The 20th century was the heyday of the larks. Their reign of misery was extended by Daylight Savings Time, which that supreme lark Ben Franklin had first proposed as a joke because it would save money on candles. It was first instituted by Germany’s Kaiser in World War I before the UK and U.S. followed suit. Meanwhile, the phrase “nine to five” to describe office working hours dates to 1927, 53 years before Dolly Parton immortalized it in song and movie. Around the world, millions of us began to forget that there had ever been, or could ever be, another schedule.  

But our bodies remembered, and they keep trying to warn us. A 2018 study that looked at health data for 433,000 people in the UK over a 6.5-year period found that self-described “evening people” were 10 percent more likely to die than “morning people.” The study’s authors were careful to warn that correlation is not causation. But every night owl who has tossed and turned until 3 a.m., then dragged themselves out of bed at the alarm four hours later, feels the raggedy-ass truth of it.  

The saddest part of this state of affairs is the extent to which we night owls have internalized the criticism. Over and over we hear the voices of our mothers warning us not to waste “the best part of the day,” or that puritan proverb about the early bird and the worm. We berate ourselves for not being able to stitch our consciousness together fast enough for that morning meeting. The childfree night owl sees her friends’ kids forcing them into a 6 a.m. start time and thinks: Surely I can do that too.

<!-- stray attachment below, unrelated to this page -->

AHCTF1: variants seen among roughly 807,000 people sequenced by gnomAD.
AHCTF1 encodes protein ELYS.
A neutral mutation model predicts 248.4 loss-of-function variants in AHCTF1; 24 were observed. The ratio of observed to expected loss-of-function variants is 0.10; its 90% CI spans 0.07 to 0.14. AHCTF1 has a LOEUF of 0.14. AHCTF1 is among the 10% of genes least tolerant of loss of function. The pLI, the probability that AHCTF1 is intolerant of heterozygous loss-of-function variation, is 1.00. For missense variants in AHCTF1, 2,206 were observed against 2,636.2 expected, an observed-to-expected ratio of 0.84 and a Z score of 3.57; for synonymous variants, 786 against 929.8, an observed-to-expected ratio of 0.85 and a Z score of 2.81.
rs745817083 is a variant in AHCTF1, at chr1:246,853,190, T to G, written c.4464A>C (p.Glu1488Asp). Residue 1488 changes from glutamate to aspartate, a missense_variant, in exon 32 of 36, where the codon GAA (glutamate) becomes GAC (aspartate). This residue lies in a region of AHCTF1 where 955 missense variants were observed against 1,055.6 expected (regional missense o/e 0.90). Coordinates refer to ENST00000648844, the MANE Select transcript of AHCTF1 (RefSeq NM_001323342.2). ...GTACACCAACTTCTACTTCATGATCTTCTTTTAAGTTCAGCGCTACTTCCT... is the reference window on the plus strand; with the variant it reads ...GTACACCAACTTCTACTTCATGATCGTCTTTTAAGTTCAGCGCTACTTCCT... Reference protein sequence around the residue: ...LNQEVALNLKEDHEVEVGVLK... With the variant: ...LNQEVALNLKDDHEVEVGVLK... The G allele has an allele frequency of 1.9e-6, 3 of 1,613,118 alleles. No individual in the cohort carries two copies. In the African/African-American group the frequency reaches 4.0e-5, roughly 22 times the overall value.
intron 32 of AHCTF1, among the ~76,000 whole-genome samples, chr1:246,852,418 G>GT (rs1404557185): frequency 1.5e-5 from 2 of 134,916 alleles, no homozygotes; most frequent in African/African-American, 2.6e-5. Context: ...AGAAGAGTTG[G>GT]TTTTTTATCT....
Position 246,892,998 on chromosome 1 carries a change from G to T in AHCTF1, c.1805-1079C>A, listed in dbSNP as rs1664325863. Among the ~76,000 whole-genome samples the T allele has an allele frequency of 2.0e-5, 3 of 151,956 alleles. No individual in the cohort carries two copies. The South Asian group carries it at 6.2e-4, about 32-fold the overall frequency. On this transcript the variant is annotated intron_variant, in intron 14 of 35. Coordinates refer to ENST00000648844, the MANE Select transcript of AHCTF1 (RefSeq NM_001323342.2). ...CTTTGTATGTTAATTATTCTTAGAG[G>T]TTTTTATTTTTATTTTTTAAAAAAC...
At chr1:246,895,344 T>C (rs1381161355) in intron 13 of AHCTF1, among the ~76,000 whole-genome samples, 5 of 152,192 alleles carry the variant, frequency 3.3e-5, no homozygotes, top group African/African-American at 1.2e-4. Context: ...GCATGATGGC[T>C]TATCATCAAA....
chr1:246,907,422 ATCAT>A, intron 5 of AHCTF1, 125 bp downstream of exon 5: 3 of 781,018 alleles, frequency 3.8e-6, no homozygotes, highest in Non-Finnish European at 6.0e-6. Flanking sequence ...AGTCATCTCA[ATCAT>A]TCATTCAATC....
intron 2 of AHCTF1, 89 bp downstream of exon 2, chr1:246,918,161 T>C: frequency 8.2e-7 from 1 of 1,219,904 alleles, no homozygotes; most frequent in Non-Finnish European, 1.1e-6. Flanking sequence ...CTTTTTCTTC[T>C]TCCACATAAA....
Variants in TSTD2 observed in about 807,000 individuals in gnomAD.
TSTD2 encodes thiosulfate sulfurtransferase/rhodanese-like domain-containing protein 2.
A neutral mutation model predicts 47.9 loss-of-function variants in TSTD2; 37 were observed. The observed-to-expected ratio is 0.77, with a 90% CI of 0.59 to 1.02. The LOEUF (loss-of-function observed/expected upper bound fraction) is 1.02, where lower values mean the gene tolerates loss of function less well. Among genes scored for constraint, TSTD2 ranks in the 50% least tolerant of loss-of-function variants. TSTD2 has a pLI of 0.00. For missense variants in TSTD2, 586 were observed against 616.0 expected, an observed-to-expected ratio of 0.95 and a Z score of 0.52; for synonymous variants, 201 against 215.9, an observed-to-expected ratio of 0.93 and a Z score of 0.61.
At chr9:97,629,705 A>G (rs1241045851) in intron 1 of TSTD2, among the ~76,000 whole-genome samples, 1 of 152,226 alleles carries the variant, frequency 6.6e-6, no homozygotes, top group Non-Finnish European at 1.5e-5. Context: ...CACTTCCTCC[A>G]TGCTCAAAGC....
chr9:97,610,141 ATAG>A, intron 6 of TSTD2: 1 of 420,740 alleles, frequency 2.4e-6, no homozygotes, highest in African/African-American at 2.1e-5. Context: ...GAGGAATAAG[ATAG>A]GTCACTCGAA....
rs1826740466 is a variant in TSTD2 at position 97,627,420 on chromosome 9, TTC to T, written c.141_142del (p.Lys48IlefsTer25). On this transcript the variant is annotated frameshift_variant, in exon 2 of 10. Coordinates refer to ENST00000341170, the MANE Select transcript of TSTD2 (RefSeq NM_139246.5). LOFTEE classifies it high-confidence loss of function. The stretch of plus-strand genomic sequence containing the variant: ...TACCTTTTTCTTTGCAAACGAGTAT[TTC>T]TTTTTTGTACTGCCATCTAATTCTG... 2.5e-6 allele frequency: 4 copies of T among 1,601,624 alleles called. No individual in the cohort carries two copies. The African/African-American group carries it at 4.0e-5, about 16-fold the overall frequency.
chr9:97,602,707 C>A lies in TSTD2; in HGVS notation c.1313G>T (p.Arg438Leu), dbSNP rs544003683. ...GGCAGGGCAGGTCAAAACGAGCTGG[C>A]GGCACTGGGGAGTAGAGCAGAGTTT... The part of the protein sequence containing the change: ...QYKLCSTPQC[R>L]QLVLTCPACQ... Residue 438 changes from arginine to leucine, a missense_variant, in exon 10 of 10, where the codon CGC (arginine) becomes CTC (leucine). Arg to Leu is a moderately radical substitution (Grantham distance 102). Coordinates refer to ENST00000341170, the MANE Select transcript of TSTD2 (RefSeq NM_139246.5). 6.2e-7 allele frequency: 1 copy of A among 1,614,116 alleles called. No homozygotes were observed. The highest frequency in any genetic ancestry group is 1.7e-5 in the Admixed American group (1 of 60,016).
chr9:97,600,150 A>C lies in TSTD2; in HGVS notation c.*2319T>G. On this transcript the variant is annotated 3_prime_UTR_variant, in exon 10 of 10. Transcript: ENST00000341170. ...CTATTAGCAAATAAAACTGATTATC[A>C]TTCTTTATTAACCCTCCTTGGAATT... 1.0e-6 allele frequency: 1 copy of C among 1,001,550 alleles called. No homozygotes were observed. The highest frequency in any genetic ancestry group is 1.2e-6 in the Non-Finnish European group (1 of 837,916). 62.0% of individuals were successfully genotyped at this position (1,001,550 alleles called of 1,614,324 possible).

And at the other end of the day, we think twice about sending an email with a 12:30 a.m. timestamp, perhaps using Gmail’s scheduling feature to hide our chronotype. (Larks, of course, never get called out for their 5 a.m. emails.) A Guardian feature on owls who have to hide their night lights under a bushel quoted one who’d been called out by a friend for texting to ask about her coronavirus recovery: “Jeez, it was only 11:19 p.m.”